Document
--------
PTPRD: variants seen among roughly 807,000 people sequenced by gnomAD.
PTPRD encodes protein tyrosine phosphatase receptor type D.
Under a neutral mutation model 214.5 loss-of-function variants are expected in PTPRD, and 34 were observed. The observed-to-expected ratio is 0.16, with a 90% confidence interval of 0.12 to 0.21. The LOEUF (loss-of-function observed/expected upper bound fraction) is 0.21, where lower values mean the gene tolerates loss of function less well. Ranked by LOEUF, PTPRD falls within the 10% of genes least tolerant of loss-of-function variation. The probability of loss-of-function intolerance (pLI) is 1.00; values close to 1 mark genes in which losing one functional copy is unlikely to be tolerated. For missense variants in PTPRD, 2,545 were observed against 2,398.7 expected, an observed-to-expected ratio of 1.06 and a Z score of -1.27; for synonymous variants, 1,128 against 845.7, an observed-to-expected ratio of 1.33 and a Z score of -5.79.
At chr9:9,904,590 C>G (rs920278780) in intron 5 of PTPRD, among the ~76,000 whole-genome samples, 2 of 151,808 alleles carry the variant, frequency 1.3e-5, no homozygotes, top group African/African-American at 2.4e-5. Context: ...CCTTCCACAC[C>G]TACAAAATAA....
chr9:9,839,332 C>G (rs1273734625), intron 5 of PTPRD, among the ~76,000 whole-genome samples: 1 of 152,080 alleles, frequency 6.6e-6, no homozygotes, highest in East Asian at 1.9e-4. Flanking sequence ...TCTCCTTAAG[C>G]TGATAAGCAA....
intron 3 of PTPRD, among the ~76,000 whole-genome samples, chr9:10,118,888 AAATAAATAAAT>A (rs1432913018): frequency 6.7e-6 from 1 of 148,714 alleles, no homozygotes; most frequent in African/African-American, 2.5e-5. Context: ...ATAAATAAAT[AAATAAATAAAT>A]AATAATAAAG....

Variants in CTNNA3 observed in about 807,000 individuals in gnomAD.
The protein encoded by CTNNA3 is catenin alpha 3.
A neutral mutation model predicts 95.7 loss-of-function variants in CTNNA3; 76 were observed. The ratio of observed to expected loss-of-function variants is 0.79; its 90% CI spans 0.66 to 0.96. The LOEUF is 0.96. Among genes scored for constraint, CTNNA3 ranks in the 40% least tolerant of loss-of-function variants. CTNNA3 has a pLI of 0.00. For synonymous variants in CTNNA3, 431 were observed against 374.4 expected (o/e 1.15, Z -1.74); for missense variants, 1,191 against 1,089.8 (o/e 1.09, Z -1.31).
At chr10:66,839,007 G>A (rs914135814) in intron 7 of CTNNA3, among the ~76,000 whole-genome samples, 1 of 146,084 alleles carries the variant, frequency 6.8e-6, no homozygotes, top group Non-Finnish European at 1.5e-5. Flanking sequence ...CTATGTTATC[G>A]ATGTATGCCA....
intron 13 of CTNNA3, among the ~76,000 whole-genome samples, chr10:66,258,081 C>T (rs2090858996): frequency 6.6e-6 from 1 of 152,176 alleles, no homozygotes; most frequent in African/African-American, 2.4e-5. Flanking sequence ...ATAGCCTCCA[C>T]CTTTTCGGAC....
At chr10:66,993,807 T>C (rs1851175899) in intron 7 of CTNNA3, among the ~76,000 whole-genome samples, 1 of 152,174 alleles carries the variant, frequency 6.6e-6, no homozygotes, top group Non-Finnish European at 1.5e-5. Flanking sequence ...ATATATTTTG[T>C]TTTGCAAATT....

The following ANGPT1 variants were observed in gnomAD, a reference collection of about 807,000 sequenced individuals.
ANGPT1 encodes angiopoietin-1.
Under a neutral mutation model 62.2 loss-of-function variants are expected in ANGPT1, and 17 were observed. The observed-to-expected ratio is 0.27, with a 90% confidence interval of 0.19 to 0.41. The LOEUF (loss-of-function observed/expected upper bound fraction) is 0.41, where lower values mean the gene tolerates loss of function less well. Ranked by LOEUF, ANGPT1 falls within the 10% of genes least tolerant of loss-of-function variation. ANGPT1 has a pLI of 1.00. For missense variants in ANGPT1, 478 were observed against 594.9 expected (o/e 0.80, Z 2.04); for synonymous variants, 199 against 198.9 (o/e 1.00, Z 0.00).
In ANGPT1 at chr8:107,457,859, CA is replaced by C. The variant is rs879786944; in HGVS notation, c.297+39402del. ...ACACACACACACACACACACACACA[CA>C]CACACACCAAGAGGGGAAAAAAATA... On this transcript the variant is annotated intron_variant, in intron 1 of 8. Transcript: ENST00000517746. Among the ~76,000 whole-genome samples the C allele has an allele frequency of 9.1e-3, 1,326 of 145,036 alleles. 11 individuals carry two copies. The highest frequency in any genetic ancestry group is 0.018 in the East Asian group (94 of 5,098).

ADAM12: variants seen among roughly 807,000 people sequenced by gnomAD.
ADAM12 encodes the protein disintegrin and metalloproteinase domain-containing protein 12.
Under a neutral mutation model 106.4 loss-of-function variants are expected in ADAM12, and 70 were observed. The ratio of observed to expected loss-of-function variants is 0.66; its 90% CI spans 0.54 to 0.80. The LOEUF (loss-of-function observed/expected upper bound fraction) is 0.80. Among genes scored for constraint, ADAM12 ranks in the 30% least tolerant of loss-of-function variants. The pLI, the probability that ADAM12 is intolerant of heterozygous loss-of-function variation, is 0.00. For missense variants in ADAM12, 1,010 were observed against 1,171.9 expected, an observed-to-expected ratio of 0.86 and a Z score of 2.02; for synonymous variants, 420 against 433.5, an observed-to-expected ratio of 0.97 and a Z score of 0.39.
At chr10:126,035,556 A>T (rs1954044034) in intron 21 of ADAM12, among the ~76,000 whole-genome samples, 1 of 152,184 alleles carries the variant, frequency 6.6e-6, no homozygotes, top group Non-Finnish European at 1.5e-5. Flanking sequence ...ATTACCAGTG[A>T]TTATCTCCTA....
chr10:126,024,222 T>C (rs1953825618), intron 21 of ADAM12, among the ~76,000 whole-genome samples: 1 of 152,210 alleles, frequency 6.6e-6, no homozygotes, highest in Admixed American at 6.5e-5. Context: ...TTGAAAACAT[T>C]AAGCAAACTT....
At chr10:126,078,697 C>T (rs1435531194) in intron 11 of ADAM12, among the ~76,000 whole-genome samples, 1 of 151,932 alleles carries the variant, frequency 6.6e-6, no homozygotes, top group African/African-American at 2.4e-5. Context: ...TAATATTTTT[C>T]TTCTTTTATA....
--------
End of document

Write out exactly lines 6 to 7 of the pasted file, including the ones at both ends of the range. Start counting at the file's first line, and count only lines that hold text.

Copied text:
intron 3 of PTPRD, among the ~76,000 whole-genome samples, chr9:10,118,888 AAATAAATAAAT>A (rs1432913018): frequency 6.7e-6 from 1 of 148,714 alleles, no homozygotes; most frequent in African/African-American, 2.5e-5. Context: ...ATAAATAAAT[AAATAAATAAAT>A]AATAATAAAG....

Variants in CTNNA3 observed in about 807,000 individuals in gnomAD.